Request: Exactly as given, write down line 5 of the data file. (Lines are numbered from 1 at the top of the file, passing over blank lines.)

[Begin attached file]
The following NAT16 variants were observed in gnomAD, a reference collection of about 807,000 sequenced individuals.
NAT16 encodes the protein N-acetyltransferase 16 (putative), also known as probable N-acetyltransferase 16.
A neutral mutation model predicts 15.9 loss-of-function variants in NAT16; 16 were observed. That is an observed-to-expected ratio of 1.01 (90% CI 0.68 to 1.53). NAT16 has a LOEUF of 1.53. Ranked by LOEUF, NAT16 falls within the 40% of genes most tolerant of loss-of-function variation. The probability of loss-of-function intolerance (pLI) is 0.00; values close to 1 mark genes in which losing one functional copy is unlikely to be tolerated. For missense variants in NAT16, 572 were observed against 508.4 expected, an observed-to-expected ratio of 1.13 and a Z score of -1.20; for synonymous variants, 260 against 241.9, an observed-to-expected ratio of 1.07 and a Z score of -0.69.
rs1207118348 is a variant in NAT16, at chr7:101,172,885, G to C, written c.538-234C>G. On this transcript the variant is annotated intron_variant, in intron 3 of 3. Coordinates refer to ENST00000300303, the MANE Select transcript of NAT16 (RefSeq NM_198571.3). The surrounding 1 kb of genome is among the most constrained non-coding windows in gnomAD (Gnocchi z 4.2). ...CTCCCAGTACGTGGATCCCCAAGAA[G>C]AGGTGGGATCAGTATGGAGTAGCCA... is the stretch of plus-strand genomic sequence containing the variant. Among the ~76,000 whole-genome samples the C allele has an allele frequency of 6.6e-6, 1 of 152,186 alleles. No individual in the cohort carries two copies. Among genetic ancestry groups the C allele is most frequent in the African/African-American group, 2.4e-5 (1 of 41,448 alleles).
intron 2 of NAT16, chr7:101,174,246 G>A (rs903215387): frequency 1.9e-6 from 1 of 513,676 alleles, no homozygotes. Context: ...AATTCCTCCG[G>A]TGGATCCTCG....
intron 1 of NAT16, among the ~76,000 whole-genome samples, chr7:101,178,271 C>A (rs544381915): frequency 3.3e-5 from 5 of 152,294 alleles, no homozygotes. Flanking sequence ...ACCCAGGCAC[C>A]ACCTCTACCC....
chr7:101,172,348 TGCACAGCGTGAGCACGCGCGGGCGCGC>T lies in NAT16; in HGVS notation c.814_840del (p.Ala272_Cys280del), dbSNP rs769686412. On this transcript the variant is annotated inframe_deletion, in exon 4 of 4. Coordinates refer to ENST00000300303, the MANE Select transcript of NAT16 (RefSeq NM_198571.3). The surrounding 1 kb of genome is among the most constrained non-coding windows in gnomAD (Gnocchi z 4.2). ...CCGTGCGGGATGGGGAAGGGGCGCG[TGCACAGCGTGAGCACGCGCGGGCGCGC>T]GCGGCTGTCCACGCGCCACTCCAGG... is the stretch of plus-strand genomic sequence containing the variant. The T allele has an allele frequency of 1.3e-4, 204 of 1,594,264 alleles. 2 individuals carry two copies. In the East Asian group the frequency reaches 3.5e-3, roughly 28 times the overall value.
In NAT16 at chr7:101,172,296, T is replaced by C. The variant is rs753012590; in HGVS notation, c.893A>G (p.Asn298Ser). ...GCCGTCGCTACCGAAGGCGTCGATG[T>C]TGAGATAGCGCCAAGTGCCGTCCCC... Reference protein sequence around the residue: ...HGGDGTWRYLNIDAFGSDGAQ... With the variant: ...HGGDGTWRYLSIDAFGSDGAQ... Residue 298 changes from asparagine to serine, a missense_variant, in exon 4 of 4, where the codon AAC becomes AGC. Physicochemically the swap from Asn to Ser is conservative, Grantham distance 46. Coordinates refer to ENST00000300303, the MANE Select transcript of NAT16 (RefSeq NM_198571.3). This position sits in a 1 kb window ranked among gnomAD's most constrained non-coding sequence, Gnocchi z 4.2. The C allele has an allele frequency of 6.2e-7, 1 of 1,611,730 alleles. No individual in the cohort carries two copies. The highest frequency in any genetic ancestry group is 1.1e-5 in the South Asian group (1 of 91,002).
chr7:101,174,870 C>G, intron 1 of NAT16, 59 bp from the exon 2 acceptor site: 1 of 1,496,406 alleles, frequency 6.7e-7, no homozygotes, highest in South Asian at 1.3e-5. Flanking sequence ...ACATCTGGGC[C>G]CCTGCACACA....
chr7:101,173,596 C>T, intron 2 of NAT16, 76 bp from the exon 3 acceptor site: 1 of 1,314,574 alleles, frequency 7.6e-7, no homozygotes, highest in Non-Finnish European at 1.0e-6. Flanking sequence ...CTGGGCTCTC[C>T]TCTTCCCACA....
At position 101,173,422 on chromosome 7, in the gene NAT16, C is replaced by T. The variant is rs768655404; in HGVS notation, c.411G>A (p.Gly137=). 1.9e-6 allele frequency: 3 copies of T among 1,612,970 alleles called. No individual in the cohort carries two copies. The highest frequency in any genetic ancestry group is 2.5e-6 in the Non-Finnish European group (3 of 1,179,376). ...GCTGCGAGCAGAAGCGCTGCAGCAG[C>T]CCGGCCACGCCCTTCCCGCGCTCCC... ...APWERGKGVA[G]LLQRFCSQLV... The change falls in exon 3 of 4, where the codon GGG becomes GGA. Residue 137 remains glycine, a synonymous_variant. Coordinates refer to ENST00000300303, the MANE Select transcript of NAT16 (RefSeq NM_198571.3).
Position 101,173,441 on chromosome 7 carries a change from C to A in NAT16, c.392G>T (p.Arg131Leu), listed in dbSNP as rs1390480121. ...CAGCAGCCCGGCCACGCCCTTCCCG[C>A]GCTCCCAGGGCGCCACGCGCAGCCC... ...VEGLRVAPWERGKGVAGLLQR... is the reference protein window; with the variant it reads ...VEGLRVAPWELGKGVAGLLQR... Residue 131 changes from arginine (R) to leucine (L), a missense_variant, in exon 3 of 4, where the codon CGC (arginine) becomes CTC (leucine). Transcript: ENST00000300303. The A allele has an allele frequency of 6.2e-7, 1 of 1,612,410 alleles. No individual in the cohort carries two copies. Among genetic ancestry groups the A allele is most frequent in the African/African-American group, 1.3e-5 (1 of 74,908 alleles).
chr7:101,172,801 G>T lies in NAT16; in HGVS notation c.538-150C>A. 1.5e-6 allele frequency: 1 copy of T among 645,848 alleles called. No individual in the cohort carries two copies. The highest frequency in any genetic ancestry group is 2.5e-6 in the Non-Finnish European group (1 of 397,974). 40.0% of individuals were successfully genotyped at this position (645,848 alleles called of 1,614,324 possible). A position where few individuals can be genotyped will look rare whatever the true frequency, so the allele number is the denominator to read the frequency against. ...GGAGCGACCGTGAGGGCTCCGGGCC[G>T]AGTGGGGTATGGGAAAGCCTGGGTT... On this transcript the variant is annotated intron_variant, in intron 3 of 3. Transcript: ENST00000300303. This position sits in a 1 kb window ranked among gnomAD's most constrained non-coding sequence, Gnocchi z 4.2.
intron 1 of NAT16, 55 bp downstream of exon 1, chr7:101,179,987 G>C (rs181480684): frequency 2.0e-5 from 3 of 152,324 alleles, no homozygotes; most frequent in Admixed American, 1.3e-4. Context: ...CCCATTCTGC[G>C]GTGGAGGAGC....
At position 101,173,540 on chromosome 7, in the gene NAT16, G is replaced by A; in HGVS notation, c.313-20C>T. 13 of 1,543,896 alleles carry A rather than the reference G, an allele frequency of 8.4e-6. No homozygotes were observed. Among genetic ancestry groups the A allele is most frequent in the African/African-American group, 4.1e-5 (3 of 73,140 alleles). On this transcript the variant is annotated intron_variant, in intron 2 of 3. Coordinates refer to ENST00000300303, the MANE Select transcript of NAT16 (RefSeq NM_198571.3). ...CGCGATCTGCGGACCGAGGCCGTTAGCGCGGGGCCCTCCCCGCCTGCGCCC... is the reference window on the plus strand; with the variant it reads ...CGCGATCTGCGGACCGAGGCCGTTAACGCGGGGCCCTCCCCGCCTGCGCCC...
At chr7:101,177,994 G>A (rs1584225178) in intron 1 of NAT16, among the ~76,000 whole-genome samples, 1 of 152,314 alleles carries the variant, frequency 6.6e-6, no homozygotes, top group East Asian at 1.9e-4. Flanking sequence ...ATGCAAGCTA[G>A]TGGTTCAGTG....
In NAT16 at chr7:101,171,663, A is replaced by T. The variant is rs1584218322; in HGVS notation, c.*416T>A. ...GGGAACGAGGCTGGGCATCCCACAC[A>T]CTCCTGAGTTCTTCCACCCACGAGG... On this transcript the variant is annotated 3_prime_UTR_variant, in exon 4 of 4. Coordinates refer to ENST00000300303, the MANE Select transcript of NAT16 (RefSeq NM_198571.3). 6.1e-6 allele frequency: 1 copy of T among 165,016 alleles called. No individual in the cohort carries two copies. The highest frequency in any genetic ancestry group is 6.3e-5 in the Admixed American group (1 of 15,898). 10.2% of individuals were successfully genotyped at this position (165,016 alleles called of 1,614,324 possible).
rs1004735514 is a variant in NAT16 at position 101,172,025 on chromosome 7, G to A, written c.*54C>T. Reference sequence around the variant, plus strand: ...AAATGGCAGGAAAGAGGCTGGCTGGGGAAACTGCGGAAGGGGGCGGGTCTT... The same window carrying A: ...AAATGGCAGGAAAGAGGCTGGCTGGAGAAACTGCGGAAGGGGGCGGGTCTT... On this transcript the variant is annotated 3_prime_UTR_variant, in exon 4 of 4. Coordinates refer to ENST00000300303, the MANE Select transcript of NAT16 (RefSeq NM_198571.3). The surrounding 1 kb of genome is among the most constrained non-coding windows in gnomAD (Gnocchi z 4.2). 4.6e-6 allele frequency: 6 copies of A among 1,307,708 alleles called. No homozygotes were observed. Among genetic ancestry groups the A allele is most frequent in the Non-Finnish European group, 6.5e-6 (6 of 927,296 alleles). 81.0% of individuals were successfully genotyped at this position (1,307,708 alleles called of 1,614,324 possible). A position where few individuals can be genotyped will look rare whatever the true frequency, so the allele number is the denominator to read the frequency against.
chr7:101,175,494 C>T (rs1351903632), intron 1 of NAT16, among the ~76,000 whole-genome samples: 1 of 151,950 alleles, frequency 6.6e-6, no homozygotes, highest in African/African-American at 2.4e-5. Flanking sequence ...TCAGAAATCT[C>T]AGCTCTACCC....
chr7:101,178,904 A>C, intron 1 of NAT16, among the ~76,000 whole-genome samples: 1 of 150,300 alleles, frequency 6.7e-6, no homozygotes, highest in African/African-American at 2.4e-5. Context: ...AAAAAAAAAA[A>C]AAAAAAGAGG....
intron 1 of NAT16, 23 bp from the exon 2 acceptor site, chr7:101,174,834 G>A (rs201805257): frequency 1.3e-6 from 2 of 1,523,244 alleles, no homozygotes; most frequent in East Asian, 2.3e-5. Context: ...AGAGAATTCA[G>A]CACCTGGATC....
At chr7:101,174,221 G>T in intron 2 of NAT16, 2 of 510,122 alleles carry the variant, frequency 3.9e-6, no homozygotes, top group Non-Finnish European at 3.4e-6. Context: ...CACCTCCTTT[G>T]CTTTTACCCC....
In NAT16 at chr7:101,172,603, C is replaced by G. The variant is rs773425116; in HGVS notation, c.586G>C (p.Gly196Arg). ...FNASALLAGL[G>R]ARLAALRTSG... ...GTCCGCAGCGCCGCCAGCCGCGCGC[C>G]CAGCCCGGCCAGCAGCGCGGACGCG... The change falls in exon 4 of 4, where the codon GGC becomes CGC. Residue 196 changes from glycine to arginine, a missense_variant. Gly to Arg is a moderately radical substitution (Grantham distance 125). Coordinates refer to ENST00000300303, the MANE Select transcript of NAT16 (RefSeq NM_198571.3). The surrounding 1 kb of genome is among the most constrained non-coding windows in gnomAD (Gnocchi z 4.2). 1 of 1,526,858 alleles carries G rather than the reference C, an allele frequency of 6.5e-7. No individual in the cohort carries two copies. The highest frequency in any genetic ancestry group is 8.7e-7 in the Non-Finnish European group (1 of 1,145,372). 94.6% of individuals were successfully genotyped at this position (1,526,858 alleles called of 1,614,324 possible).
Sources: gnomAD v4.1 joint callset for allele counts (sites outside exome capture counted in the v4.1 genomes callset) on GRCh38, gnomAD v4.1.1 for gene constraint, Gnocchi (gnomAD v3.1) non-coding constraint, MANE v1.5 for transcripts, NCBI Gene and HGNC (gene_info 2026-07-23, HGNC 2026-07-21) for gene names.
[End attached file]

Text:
intron 2 of NAT16, chr7:101,174,246 G>A (rs903215387): frequency 1.9e-6 from 1 of 513,676 alleles, no homozygotes. Context: ...AATTCCTCCG[G>A]TGGATCCTCG....